Discuss, define and plan for her career development. In your letters, you describe your employee as having exceptional technical ability and being a “diamond in the rough,” so you must believe her to be a high potential member of your team. Does she know this? If not, make it so! Identifying and then developing what your employee does best is a win-win outcome: positioning her for career growth as well as positioning you as a supportive boss. Your time and attention to growing her skills should go a long way toward helping her understand that you are sincerely interested in her and in advancing her career. If promotions within your organization are based on work that’s goes above and beyond one’s current job description, you must share that information with your employee as she may not be aware of the requirements for getting ahead. If taking an interest in anything more than what is her job is prerequisite of yours for promotion, share that with her as well. The two of you need a “meeting of the minds” so you clearly understand what her career objectives are and so that she understands what work outputs and behaviors you expect. As a leader, the responsibility for creating and sharing clearly defined expectations rests squarely with you.

Communicate, communicate, communicate! It appears that your employee has already created a network of contacts and relationships within the organization. Now’s the time for you to establish a system of regular and ongoing two-way dialogue between the two of you that will set the stage for you to disclose your thoughts, views and feelings as well as for your employee to reveal hers. Regardless of what generation an employee belongs to, having regular communications with the boss is crucial for establishing trust and for understanding one another.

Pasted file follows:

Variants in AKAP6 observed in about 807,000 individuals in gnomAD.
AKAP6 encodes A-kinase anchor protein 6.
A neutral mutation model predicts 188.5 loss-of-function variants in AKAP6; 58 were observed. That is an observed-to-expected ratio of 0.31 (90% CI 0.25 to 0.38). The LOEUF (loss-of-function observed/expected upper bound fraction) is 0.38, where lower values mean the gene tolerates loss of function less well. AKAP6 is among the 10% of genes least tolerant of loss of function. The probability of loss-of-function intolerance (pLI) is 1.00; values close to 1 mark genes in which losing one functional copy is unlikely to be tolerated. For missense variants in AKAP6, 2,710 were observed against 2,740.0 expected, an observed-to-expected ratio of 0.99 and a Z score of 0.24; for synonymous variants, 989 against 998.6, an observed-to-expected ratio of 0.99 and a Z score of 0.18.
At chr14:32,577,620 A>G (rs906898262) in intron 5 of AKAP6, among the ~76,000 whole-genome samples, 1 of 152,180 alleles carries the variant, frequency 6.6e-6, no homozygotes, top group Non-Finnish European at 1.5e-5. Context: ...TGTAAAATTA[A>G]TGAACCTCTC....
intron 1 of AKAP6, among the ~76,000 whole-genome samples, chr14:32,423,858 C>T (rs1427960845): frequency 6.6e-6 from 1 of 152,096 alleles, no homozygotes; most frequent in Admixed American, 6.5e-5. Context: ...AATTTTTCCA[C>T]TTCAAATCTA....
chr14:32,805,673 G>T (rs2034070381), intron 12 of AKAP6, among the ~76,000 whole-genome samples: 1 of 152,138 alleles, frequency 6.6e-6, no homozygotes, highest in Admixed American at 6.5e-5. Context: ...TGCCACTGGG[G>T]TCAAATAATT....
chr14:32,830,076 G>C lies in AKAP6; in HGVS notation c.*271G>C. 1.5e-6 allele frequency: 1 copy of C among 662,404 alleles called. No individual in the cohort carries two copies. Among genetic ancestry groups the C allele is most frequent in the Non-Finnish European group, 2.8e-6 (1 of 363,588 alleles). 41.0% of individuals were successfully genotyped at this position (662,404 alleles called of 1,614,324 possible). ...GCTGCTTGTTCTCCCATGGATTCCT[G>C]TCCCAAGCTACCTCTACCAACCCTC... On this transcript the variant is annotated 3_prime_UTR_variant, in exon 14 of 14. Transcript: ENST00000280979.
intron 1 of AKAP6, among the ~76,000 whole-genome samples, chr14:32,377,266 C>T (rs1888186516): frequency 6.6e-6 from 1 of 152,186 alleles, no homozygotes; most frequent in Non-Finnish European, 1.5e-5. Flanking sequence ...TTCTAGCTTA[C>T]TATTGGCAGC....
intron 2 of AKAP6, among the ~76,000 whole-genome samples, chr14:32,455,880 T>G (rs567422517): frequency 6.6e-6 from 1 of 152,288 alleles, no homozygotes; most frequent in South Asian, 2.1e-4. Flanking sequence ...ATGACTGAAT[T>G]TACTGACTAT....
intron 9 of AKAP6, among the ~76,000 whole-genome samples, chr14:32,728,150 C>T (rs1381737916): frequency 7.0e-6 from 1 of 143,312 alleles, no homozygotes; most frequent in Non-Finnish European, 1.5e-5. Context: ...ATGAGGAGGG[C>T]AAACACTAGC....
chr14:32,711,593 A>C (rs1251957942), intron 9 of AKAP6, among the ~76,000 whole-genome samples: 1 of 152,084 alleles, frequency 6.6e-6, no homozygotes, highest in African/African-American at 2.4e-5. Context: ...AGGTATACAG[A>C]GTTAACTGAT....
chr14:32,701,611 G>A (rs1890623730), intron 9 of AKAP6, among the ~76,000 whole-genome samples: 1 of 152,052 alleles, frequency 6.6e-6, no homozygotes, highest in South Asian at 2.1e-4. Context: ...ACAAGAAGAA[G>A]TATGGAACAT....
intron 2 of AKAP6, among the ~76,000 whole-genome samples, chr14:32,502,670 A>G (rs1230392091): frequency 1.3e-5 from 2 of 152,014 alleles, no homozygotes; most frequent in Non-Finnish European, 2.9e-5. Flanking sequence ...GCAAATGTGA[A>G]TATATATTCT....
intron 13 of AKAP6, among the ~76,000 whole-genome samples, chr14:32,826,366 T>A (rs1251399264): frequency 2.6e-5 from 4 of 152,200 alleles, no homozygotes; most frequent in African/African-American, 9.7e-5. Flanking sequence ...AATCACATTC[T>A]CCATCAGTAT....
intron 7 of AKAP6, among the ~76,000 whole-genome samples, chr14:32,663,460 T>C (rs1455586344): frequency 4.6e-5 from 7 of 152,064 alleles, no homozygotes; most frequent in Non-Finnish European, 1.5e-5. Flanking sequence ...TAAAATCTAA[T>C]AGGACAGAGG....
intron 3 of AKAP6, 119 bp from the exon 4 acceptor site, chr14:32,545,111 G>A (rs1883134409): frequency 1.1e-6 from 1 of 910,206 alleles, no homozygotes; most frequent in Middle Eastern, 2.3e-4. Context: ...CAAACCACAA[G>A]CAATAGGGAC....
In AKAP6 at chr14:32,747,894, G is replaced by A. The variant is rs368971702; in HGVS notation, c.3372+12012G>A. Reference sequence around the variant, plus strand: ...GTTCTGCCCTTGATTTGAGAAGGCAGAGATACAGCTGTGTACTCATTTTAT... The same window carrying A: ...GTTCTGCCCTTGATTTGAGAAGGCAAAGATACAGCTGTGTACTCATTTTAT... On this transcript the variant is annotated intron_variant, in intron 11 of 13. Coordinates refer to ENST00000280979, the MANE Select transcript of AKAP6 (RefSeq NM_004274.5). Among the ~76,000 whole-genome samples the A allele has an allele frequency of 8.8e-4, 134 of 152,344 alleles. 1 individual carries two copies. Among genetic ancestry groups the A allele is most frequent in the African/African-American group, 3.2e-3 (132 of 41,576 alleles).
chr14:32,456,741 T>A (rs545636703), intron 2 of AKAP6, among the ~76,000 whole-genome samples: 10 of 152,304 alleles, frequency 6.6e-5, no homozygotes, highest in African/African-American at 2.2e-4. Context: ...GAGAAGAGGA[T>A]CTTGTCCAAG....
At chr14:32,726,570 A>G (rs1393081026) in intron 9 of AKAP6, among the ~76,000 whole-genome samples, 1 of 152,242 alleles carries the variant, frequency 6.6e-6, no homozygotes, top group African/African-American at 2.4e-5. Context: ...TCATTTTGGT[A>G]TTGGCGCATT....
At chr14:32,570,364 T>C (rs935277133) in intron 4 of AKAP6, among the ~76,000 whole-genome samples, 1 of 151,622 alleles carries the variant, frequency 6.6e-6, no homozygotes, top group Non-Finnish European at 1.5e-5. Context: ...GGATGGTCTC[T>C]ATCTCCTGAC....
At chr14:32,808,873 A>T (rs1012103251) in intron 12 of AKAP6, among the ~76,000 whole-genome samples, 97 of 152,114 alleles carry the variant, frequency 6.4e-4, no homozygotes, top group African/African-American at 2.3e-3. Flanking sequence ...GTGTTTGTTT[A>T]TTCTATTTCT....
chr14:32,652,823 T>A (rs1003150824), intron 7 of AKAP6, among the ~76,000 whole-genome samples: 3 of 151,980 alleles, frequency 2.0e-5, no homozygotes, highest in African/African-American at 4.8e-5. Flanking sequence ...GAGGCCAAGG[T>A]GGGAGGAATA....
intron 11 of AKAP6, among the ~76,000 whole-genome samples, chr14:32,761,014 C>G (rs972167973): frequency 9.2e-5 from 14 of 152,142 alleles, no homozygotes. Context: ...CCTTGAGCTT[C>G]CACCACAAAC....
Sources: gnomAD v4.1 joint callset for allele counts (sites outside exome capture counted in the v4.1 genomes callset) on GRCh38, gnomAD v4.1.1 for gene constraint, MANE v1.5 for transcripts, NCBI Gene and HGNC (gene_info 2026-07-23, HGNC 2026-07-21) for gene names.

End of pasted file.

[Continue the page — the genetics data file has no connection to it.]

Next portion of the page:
You say you’ve “painted broad brushstrokes…about leadership.” Have you confirmed with her employee that she understands your meaning? Many of us hear what we want to hear, sometimes missing the intended message. So it’s important for the message deliverer – that’s you! – to close the loop and confirm understanding by asking clarifying questions.

In several sections of your letters, you use the phrases “I think” or “I feel” when addressing your employee’s situation. Aim for establishing such genuine communication rapport with her that your “think” and “feel” phrases are replaced with “I know.” Tactfully asking probing questions to clarify your thoughts is vital for removing assumptions that may get in the way of authentic communications.

Assess your leadership style. You say “I can see she wants to be my favorite but hasn’t earned that spot yet” and “she had a favorite boss she had to give up for little old me.” While every boss (myself included!) knows which employees on his/her team are the “go to” and high potential players, having a known favorite has the potential for creating unnecessary internal conflict and competition. As for referring to yourself as “little old me,” be proud of your accomplishments.

Working collaboratively with your employee to set and share clear expectations, to provide timely feedback, and to proactively manage her job performance will set you apart as a boss people want to work for and will positively assist you in transforming your “diamond in the rough” employee to a star performer.